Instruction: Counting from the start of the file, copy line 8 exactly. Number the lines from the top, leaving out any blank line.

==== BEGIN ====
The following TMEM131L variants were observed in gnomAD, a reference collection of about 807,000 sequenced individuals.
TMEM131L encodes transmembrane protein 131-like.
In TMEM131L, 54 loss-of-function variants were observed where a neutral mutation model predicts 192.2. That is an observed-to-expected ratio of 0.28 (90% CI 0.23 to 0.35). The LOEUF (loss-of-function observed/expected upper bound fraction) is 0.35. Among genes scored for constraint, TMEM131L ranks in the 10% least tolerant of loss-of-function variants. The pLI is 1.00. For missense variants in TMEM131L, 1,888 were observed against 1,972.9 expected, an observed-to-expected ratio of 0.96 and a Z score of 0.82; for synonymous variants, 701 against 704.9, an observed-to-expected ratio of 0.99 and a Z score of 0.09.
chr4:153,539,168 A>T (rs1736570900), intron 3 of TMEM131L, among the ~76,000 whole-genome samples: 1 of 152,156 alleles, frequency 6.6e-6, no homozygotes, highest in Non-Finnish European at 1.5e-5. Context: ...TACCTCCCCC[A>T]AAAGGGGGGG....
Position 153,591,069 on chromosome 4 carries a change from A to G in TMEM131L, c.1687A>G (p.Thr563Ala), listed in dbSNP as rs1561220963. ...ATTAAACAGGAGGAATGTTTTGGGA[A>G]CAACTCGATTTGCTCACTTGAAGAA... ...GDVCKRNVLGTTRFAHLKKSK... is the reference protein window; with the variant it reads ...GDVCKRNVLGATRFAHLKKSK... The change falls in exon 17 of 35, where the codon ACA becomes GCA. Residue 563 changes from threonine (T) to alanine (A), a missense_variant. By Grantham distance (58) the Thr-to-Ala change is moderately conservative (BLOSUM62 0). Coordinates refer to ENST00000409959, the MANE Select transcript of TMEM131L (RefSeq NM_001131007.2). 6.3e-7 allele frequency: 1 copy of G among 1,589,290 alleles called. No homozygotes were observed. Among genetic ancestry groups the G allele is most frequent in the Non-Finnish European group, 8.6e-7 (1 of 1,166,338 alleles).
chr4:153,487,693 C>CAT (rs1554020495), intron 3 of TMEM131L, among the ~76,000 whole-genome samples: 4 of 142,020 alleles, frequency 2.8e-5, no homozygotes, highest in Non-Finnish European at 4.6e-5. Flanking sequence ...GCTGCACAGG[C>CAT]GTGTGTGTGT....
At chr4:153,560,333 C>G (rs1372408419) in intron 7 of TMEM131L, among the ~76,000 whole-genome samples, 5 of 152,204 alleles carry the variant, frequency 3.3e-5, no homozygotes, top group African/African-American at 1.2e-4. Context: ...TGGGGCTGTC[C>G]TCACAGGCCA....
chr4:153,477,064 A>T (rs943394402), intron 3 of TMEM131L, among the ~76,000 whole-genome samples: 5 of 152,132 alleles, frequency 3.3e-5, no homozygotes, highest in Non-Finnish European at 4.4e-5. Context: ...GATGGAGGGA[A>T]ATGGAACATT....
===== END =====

chr4:153,477,064 A>T (rs943394402), intron 3 of TMEM131L, among the ~76,000 whole-genome samples: 5 of 152,132 alleles, frequency 3.3e-5, no homozygotes, highest in Non-Finnish European at 4.4e-5. Context: ...GATGGAGGGA[A>T]ATGGAACATT....